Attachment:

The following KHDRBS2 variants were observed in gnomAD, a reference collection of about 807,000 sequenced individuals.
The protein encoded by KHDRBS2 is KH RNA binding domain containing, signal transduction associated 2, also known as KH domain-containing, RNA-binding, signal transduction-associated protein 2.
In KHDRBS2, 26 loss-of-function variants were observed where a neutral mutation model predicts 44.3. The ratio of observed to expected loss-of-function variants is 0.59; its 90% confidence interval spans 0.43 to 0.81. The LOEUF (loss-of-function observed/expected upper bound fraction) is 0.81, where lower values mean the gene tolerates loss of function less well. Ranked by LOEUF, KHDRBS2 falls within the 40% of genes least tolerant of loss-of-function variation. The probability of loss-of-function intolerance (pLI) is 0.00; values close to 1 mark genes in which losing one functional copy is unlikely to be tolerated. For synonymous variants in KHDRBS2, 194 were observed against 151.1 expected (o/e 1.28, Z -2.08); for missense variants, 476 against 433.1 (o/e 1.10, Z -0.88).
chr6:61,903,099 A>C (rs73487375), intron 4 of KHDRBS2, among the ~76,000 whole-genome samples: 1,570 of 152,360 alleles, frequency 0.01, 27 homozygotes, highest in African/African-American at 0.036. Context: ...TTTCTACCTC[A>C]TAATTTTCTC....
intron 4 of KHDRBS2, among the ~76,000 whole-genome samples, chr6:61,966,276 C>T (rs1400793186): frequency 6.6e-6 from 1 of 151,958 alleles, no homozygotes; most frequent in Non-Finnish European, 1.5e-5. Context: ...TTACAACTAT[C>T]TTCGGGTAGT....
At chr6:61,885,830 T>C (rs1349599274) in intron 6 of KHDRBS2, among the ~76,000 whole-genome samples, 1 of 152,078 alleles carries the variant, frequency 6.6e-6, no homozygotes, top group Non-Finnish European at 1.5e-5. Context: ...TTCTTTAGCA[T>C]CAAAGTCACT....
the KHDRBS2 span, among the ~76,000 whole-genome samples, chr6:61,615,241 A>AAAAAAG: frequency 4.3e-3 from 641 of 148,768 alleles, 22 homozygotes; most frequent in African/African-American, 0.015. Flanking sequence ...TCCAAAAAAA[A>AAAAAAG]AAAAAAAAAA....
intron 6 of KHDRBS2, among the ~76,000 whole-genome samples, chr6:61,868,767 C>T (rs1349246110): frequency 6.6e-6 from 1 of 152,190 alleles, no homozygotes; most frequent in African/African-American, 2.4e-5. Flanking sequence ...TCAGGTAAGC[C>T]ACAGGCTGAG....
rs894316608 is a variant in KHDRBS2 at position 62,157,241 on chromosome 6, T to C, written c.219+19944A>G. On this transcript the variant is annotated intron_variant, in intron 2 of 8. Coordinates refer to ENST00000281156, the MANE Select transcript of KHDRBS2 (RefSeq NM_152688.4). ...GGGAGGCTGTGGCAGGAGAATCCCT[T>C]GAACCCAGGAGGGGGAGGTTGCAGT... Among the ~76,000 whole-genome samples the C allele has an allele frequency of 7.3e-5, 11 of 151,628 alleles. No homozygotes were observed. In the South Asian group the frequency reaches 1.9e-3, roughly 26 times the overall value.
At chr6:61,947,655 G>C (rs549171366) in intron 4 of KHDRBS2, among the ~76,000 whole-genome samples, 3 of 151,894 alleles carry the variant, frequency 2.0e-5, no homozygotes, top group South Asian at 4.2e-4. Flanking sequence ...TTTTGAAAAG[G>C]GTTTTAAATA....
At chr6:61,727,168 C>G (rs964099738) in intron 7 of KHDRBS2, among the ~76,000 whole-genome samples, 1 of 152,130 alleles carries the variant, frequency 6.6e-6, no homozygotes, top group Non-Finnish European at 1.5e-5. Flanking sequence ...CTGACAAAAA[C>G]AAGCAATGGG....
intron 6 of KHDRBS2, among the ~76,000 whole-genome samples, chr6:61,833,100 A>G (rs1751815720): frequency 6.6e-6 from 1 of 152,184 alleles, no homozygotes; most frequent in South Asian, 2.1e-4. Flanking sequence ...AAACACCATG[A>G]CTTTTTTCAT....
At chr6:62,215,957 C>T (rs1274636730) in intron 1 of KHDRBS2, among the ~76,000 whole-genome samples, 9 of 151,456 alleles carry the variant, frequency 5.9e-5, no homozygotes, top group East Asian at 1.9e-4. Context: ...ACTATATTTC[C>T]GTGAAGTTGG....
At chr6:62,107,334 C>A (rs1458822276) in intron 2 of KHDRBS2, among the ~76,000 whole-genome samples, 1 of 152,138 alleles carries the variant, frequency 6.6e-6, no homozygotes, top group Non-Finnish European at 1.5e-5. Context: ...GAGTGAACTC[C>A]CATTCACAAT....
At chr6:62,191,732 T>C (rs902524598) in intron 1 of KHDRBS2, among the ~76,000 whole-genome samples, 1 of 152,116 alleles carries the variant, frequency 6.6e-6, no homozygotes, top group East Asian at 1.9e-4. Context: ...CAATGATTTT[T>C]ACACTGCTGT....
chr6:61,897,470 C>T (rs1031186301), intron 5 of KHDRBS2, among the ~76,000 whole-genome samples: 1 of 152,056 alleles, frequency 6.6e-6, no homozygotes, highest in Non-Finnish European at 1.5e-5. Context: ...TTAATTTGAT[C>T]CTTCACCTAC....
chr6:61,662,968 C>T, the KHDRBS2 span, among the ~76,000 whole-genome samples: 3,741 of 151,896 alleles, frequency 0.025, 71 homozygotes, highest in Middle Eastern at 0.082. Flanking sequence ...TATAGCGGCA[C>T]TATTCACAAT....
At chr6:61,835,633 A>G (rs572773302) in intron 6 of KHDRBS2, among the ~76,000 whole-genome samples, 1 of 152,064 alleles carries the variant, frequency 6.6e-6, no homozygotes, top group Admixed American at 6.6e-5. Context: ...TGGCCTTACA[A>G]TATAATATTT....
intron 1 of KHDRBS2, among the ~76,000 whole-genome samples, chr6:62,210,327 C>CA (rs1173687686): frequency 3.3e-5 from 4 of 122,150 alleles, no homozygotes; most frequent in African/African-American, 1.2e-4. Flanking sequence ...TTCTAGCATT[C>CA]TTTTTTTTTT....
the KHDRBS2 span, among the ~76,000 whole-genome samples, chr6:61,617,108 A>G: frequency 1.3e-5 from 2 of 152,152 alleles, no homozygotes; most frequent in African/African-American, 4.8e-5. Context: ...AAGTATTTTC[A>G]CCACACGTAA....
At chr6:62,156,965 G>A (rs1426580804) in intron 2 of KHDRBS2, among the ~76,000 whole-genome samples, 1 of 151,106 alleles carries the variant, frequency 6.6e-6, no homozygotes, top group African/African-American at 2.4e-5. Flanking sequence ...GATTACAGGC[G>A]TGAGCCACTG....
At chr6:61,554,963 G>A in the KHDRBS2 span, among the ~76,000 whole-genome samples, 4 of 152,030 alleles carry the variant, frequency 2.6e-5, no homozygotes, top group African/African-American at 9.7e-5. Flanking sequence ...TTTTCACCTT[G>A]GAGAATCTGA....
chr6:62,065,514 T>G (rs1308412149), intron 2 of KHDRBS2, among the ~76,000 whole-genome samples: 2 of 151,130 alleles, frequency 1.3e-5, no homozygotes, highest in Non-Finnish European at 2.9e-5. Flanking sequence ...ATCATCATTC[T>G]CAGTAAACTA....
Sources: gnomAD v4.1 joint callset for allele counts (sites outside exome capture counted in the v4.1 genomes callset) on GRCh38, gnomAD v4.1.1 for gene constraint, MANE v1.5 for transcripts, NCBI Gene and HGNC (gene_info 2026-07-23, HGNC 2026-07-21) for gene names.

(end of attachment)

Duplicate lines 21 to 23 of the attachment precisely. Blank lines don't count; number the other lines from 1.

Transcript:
At chr6:62,156,965 G>A (rs1426580804) in intron 2 of KHDRBS2, among the ~76,000 whole-genome samples, 1 of 151,106 alleles carries the variant, frequency 6.6e-6, no homozygotes, top group African/African-American at 2.4e-5. Flanking sequence ...GATTACAGGC[G>A]TGAGCCACTG....
At chr6:61,554,963 G>A in the KHDRBS2 span, among the ~76,000 whole-genome samples, 4 of 152,030 alleles carry the variant, frequency 2.6e-5, no homozygotes, top group African/African-American at 9.7e-5. Flanking sequence ...TTTTCACCTT[G>A]GAGAATCTGA....
chr6:62,065,514 T>G (rs1308412149), intron 2 of KHDRBS2, among the ~76,000 whole-genome samples: 2 of 151,130 alleles, frequency 1.3e-5, no homozygotes, highest in Non-Finnish European at 2.9e-5. Flanking sequence ...ATCATCATTC[T>G]CAGTAAACTA....